The Fourcast spent a day at three schools to learn about their academic and social cultures.
4141 Spring Valley Road, Addison, TX 75001
When you hear the wails of a peacock in Dallas, you know you’re at Greenhill School. Perhaps the only high school in the country with peacocks free to roam around on campus, interact with students and every so often sneak into buildings. But how different can it really be from Hockaday? It goes far beyond just the lack of uniform and the presence of, well, boys.
Greenhill is known as a very close, tight-knit community. And after being there for an entire day, that was evident. Everyone knew everyone else regardless of the grade difference. An entire grade’s lockers are crammed into a room half the size of one of Hockaday’s classrooms, so students quickly become familiar with each other.
Walking through school first thing in the morning, students aren’t strewn across the hallways half asleep. Instead, they’re huddled over tables in their respective pods, relaxing or finishing last-minute work. The Upper School is dispersed into four pods, each one containing all classrooms of a single department, with the exception of science which has its own building. Classrooms have clear, glass walls and none belong to a specific teacher. Teachers, instead, have their own cubicles in the center of each pod and move into a classroom to teach.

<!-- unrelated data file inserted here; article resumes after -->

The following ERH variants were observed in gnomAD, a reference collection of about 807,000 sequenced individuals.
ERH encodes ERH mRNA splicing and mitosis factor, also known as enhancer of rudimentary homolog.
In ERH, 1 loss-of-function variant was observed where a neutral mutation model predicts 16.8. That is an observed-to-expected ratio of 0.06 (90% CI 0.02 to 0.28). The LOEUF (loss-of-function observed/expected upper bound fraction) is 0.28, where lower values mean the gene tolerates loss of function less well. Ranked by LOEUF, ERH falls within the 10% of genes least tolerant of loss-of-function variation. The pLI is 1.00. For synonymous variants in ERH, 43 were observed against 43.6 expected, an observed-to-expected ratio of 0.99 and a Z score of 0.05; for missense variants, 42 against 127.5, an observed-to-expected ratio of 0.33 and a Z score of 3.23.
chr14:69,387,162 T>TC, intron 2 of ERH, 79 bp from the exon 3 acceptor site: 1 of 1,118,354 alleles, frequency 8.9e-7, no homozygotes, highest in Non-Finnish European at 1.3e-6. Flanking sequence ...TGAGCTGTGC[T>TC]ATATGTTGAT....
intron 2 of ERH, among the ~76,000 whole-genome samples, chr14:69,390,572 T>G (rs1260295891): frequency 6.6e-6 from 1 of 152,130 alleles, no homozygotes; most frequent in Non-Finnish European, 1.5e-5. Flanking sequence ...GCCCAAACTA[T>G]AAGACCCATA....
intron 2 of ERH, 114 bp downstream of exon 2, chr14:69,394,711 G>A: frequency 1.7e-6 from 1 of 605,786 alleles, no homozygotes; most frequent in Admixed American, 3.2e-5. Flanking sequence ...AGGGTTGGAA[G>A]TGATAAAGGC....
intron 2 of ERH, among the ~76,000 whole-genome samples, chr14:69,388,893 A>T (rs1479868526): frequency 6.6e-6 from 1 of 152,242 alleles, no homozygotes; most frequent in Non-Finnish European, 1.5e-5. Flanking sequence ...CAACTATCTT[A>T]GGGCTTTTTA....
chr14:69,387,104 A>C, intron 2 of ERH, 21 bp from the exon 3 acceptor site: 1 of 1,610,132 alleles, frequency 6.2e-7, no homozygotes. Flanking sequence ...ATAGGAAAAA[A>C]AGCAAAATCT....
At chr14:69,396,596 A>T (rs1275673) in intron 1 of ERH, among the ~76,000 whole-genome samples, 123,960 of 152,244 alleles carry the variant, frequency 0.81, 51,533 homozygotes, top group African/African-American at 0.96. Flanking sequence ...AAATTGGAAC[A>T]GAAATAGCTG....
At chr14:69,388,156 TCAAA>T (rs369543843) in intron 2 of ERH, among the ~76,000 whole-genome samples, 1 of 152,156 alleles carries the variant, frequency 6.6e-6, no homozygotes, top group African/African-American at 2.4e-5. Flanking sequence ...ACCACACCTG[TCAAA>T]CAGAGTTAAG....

Although passing periods are only five minutes, Greenhill has no bells to affirm a student’s
Each morning they sign in with a teacher at the Elliott Center, a student common area, before heading to first period.
And it turns out, Hockaday isn’t the only school which always ends up discussing gender issues and roles. Juniors in the English trimester class, Nature and Uses of Language, engaged in dialogue about the meaning of masculinity and femininity and how society traps individuals into boxes which stringently define gender roles. The conversation quickly transitioned into the prevalence of media in society and its influence on lifestyle and life choices. Almost all students were attentive, engaged and actively participating, discussion occurring without hand-raising.
“I’ve always run my classes where I’m not the one talking, ”English Department Head Linda Woolley said. “I value [the students’] opinions and shape their critical thinking habits.”
Students also find the learning environment at Greenhill to be unique and exclusive to the Greenhill community. “[Classes] can seem a little bit chaotic and unstructured, but when you take a step back at the end of the day, you think that this is something that would’ve only come from Greenhill,” junior Alex Weinberg said.
Students say they like the co-ed environment because it allows for a wider range of perspectives and they can’t imagine it any other way.
“The attitudes of girls and guys are really different and being around them allows me to see the other side of things,” junior Supriya Bhargava said. “A lot of my friends are guys and being around them everyday really makes a difference.”